By: Daniel McElroy
Egyptian writer Ahmed Naji, who in May won an appeal overthrowing his previous conviction for “violating public modesty,” has been officially barred from leaving Egypt. Naji was informed that he could not travel abroad as he tried to board an international flight at Cairo International Airport on July 6.
Sentenced to two years in prison in 2016 after an excerpt from his novel The Use of Life was found to be too explicit in its references to sexual activity and drug use, Naji served 300 days of the two-year sentence before an appeals court suspended his imprisonment in December 2016, opting instead to impose travel restrictions and surveillance.
Following the incident last Thursday, Naji wrote on Facebook that “This [travel ban] decision comes despite the verdict by the court which accepted the appeal against my two-year sentence, and me being declared innocent of the charge of violating public morality.” He also suggested that the continued travel restrictions were the decision of the Attorney General.
Naji traveled immediately from the airport to the office of the Attorney General, where he learned that the ban was indeed issued concerning the publication of his novel, despite the appeal he won in May. He made a formal request to have the ban lifted, and was told to follow up with the Attorney General’s office in two weeks to see if his name had been removed from the list, but was given no other information.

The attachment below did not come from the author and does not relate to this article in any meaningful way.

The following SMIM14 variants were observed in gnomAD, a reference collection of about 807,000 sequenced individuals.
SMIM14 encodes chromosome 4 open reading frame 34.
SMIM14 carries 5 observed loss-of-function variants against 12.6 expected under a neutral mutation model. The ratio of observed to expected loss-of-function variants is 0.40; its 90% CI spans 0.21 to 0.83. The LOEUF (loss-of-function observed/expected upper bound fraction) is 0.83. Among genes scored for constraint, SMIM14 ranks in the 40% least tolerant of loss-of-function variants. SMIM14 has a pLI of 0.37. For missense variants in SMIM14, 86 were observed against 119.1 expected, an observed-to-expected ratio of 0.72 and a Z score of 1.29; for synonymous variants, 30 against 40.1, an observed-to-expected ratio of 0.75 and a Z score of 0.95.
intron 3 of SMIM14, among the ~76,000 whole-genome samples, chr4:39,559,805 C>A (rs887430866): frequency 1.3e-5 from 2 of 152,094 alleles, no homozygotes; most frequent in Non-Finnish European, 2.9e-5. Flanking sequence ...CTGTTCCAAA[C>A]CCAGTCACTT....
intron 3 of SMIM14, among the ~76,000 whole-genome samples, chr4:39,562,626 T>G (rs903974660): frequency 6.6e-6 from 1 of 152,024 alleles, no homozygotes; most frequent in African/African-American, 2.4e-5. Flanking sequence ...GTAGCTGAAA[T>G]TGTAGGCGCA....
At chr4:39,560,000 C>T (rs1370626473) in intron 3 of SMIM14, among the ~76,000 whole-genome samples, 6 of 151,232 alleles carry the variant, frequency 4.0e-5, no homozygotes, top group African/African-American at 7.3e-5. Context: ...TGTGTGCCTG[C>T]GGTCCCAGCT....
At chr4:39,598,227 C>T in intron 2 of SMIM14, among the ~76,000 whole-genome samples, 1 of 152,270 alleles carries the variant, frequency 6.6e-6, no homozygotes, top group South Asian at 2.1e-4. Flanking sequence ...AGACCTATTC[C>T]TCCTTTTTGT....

The court that acquitted Naji also ordered a retrial in a separate court, so it seems the travel ban may have been extended in order to force Naji’s presence for that proceeding, which has yet to be scheduled. Regardless, Naji admitted his dismay at the news, citing “pressing personal and familial circumstances that necessitate my travel as soon as possible.”
Shortly after winning his appeal in May, Naji made clear that he and his wife were planning to leave Egypt as soon as possible to travel for a year or two: “I have no other professional plans, simply because I have no option to work in this country anymore.” With this continued travel ban the Egyptian government has shown that even in officially granting Naji his innocence, it appears to have no intent to let the writer live freely in his own country or abroad.